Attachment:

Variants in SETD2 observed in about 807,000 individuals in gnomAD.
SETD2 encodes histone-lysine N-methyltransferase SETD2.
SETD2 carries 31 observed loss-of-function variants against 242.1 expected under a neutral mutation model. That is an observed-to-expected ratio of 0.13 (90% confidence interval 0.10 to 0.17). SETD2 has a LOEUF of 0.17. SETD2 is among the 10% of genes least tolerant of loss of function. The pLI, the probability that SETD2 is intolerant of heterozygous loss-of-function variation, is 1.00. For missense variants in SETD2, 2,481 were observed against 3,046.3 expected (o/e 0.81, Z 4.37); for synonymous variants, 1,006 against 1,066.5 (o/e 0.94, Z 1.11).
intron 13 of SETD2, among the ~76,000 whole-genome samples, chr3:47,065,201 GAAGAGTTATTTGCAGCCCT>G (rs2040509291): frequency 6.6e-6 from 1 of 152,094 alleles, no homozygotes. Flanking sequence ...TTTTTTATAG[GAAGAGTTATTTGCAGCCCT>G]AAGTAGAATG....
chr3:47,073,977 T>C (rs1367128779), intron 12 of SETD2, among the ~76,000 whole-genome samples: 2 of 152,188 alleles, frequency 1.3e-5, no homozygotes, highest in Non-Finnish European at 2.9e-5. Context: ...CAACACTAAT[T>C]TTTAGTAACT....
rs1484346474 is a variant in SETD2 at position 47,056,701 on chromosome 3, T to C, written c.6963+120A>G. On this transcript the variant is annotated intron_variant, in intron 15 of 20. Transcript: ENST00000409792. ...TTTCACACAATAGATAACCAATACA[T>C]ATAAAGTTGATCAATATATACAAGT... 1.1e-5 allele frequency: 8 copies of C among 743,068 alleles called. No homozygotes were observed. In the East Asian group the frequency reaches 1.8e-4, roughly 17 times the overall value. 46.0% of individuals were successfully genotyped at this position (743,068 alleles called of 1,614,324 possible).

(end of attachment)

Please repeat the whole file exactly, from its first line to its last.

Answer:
Variants in SETD2 observed in about 807,000 individuals in gnomAD.
SETD2 encodes histone-lysine N-methyltransferase SETD2.
SETD2 carries 31 observed loss-of-function variants against 242.1 expected under a neutral mutation model. That is an observed-to-expected ratio of 0.13 (90% confidence interval 0.10 to 0.17). SETD2 has a LOEUF of 0.17. SETD2 is among the 10% of genes least tolerant of loss of function. The pLI, the probability that SETD2 is intolerant of heterozygous loss-of-function variation, is 1.00. For missense variants in SETD2, 2,481 were observed against 3,046.3 expected (o/e 0.81, Z 4.37); for synonymous variants, 1,006 against 1,066.5 (o/e 0.94, Z 1.11).
intron 13 of SETD2, among the ~76,000 whole-genome samples, chr3:47,065,201 GAAGAGTTATTTGCAGCCCT>G (rs2040509291): frequency 6.6e-6 from 1 of 152,094 alleles, no homozygotes. Flanking sequence ...TTTTTTATAG[GAAGAGTTATTTGCAGCCCT>G]AAGTAGAATG....
chr3:47,073,977 T>C (rs1367128779), intron 12 of SETD2, among the ~76,000 whole-genome samples: 2 of 152,188 alleles, frequency 1.3e-5, no homozygotes, highest in Non-Finnish European at 2.9e-5. Context: ...CAACACTAAT[T>C]TTTAGTAACT....
rs1484346474 is a variant in SETD2 at position 47,056,701 on chromosome 3, T to C, written c.6963+120A>G. On this transcript the variant is annotated intron_variant, in intron 15 of 20. Transcript: ENST00000409792. ...TTTCACACAATAGATAACCAATACA[T>C]ATAAAGTTGATCAATATATACAAGT... 1.1e-5 allele frequency: 8 copies of C among 743,068 alleles called. No homozygotes were observed. In the East Asian group the frequency reaches 1.8e-4, roughly 17 times the overall value. 46.0% of individuals were successfully genotyped at this position (743,068 alleles called of 1,614,324 possible).